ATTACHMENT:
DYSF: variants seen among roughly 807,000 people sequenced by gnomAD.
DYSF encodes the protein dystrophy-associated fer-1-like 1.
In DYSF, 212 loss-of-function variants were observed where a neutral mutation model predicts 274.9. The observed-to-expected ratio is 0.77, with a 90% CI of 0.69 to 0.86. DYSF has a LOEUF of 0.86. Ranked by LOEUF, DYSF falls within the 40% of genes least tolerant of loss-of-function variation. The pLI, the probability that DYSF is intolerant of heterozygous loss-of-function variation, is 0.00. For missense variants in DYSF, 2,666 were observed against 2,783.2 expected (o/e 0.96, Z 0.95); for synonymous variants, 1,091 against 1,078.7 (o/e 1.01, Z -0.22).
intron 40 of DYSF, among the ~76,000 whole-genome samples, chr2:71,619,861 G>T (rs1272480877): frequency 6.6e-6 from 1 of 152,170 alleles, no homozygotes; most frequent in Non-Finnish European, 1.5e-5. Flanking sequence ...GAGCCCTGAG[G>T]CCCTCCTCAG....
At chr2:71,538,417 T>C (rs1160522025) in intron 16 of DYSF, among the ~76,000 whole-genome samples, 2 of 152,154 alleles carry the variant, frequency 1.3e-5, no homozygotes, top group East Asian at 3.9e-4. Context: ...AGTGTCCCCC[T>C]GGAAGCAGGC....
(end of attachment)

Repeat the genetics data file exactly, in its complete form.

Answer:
DYSF: variants seen among roughly 807,000 people sequenced by gnomAD.
DYSF encodes the protein dystrophy-associated fer-1-like 1.
In DYSF, 212 loss-of-function variants were observed where a neutral mutation model predicts 274.9. The observed-to-expected ratio is 0.77, with a 90% CI of 0.69 to 0.86. DYSF has a LOEUF of 0.86. Ranked by LOEUF, DYSF falls within the 40% of genes least tolerant of loss-of-function variation. The pLI, the probability that DYSF is intolerant of heterozygous loss-of-function variation, is 0.00. For missense variants in DYSF, 2,666 were observed against 2,783.2 expected (o/e 0.96, Z 0.95); for synonymous variants, 1,091 against 1,078.7 (o/e 1.01, Z -0.22).
intron 40 of DYSF, among the ~76,000 whole-genome samples, chr2:71,619,861 G>T (rs1272480877): frequency 6.6e-6 from 1 of 152,170 alleles, no homozygotes; most frequent in Non-Finnish European, 1.5e-5. Flanking sequence ...GAGCCCTGAG[G>T]CCCTCCTCAG....
At chr2:71,538,417 T>C (rs1160522025) in intron 16 of DYSF, among the ~76,000 whole-genome samples, 2 of 152,154 alleles carry the variant, frequency 1.3e-5, no homozygotes, top group East Asian at 3.9e-4. Context: ...AGTGTCCCCC[T>C]GGAAGCAGGC....